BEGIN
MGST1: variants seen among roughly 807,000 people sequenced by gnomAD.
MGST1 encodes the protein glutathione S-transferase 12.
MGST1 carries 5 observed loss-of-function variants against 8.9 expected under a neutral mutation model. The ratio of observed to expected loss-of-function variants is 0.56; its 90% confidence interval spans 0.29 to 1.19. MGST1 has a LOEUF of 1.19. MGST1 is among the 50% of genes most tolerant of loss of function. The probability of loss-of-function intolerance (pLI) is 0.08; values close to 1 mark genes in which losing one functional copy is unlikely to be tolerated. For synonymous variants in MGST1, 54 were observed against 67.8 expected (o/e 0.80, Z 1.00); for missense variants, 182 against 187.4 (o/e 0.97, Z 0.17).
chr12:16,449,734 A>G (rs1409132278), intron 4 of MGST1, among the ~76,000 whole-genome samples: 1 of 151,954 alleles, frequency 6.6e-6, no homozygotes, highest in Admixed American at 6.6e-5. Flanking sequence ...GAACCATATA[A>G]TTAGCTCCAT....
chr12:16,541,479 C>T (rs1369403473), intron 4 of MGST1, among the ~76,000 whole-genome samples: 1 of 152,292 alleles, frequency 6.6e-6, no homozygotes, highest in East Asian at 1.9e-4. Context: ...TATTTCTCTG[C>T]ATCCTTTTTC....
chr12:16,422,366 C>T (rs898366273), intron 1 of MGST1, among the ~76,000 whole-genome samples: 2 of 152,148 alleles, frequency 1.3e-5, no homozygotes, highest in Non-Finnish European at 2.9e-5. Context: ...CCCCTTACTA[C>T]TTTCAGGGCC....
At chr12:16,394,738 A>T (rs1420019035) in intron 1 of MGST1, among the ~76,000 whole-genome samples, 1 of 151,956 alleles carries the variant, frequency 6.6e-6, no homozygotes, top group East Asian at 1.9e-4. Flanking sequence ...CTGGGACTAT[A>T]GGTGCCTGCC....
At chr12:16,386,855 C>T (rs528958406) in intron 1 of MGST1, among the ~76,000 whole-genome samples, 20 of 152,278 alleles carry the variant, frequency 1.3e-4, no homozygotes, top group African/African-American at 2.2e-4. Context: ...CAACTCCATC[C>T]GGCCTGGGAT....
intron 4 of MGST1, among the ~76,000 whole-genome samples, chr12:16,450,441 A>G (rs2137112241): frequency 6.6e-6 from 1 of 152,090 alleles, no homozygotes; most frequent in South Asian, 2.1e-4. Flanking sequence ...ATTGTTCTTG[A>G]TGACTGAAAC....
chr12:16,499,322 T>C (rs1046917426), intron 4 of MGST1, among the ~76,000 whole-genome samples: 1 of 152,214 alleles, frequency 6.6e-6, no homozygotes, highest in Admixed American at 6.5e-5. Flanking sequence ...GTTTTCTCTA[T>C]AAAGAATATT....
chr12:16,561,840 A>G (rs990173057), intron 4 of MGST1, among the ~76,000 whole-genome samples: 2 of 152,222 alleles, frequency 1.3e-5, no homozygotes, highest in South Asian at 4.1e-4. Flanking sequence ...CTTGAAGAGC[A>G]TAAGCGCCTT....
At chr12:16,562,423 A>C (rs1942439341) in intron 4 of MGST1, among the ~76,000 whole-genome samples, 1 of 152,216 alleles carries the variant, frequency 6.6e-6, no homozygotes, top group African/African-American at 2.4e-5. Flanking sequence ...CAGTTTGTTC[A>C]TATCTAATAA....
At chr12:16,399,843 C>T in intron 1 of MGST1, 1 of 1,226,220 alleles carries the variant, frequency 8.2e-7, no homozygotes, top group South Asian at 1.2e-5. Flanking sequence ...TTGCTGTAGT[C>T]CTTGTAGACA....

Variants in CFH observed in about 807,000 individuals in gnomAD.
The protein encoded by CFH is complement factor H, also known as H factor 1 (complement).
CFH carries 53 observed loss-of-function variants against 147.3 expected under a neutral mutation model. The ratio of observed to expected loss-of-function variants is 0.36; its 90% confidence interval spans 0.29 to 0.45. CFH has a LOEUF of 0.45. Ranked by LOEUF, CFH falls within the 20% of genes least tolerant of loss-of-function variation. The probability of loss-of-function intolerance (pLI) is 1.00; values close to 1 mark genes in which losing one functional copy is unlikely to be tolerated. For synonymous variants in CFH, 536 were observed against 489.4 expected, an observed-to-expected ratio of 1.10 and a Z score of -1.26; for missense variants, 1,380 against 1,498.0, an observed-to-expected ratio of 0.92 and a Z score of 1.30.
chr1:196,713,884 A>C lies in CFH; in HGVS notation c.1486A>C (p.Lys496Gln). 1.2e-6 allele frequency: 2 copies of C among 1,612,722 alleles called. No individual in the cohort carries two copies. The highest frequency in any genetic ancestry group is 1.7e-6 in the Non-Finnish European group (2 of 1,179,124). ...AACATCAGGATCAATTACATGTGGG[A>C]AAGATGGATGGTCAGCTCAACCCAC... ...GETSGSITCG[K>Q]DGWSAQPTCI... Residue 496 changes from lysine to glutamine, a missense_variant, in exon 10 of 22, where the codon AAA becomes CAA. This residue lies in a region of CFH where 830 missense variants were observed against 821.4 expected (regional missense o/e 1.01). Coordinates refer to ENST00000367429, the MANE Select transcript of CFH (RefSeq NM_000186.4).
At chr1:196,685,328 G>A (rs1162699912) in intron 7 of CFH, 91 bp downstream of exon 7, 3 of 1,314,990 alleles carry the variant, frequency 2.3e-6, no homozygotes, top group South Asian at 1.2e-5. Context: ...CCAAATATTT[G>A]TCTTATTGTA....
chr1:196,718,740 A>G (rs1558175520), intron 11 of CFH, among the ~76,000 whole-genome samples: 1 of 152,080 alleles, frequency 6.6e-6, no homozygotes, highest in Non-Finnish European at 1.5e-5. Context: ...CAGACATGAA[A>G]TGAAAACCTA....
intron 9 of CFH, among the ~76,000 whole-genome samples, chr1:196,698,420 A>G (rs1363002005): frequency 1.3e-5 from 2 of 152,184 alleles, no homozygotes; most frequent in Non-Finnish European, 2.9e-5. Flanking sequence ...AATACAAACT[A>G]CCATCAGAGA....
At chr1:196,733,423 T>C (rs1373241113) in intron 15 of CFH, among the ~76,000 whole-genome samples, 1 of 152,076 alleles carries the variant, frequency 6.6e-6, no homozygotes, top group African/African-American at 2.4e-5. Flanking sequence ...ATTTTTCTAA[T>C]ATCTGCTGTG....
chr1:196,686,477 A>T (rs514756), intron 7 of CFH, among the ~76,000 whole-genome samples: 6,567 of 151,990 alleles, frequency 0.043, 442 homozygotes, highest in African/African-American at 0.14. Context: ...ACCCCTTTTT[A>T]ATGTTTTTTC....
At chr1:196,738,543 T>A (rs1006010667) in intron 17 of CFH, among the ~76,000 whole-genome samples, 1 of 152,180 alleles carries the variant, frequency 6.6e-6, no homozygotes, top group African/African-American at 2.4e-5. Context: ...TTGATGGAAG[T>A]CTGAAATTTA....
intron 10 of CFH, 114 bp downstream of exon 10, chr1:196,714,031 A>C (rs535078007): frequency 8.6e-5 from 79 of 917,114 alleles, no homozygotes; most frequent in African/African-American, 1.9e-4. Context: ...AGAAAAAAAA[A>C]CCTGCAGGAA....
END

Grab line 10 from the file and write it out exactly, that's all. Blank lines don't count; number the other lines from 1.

chr12:16,499,322 T>C (rs1046917426), intron 4 of MGST1, among the ~76,000 whole-genome samples: 1 of 152,214 alleles, frequency 6.6e-6, no homozygotes, highest in Admixed American at 6.5e-5. Flanking sequence ...GTTTTCTCTA[T>C]AAAGAATATT....